The ultimate goal for a cattle manager is to keep feed costs low, but still meet the nutrient requirements of the cowherd, so reproductive performance is not impaired. The nutritional program should be simple and should supply the needed nutrients for the cow to give birth to a strong, healthy calf, milk reasonably well and rebreed after calving. Managing feed resources to attain a consistently high reproductive rate at a low cost is important in maintaining profitability.
In order for these feed resources to be utilized by the cow, feed must be broken down to a level so it is absorbed through the gut lining. The stomach of the cow has four compartments: the rumen, reticulum, omasum and abomasum. The rumen is the largest and plays the greatest role in forage utilization. The rumen contains billions of microorganisms, fungi, protozoa and bacteria, which are involved in forage breakdown. This breakdown is accomplished by secreting enzymes that aid in the fermentation of the feeds in the rumen. Much of the fermentation products are volatile fatty acids (VFA), which are absorbed through the rumen wall and then travel via the portal blood vein to the liver. They are then converted to glycogen or blood sugar and ultimately energy.
The rumen microorganisms have their own ecosystem and requirements, and are extremely important in energy and protein utilization. It is important that the rumen microorganisms’ requirements are met so the level of microbial activity remains high. This helps ensure that forage digestibility, which basically occurs in the rumen, will be at a high level. The life of the rumen microorganisms is variable, but in all cases is short (measured in hours). Thus, the population is in constant turn over. As the rumen microorganisms, which are single cell “animals,” build their bodies or cell walls they synthesize protein from nutrients available in the rumen. As they die of old age (a few hours after they are formed) they pass on down to the small intestine where they are digested and absorbed. This is referred to as microbial protein. At this point the microbial protein is utilized in the same manner as the protein that by passed the rumen, which origin may have been from soybean or cottonseed meal.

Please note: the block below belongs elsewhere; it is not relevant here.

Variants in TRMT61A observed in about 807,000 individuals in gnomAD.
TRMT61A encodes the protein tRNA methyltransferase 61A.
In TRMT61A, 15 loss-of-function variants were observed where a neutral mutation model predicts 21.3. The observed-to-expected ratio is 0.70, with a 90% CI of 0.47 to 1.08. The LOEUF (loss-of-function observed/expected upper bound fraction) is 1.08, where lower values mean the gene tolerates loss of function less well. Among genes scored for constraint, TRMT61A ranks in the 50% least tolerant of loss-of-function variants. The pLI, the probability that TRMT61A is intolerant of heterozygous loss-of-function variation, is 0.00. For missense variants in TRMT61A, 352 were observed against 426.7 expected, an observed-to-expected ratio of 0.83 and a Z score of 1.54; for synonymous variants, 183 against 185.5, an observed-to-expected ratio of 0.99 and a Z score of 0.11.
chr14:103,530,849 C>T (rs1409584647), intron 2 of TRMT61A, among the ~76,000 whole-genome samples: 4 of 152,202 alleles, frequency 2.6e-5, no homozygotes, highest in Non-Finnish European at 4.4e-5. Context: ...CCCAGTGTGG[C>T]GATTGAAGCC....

Both protein and energy are important and must be supplied in adequate quantities to acquire satisfactory performance. Some have felt that energy is the nutrient needed for reproduction and protein is needed for growth. The fact remains that they are both needed for maintenance, growth and reproduction.
What does that mean to the cow/calf producer?
Amaferm® is proven to increase digestion and VFA production, which results in increased energy for weight gain. This chart shows a variety of gain studies from the starting to finishing phases of beef production. Average gain from all trials was 17%. The effect of Amaferm® is greatest during the weaning and starting period.
More Gain with Amaferm®
|University of Illinois (38 days)||.05||1.59||1.72||7.5%|
|NDSU (84 days)||.02||.98||1.03||5.1%|
|NCSU (28 days)||.05||.45||.69||53.3%|
|Cal Poly University (28 days)||–||1.51||1.53||1.3%|
|University of Arkansas (84 days)||.10||.95||1.09||14.7%|
Amaferm® may have its greatest effect on feed efficiency. Many University trials have shown an improvement in feed to gain. Overall, Amaferm® has resulted in a 6.4% improvement in feed efficiency in beef cattle.
Amaferm® helps to stabilize the rumen environment, which is extremely important with high-grain diets. It has been shown to increase the growth rate of the several strains of the lactate utilizing bacteria Megasphaera elsdenii, Selenomonas ruminantium, and Selenomonas lactilytica. (Beharka and Nagaraja, 1998) providing a means to reduce the economic losses associated with feeding high-concentrate diets and lactic acidosis occurs (Waldrip and Martin, 1993). Amaferm® is so effective, that its addition increased lactate uptake over 700% by the ruminal bacteria Selenomonas ruminantium in one study (Nisbet and Martin, 1990). When digestibility is enhanced, and lactate in the rumen is decreased, then an improvement in feed efficiency can result.
Feed Efficiency with Amaferm®
|NDSU (84 days)||.03||7.36||6.92||6.0%|
|University of Illinois (38 days)||.05||4.82||4.56||6.0%|
|The Ohio State University (150 days)||.07||5.15||4.81||7.2%|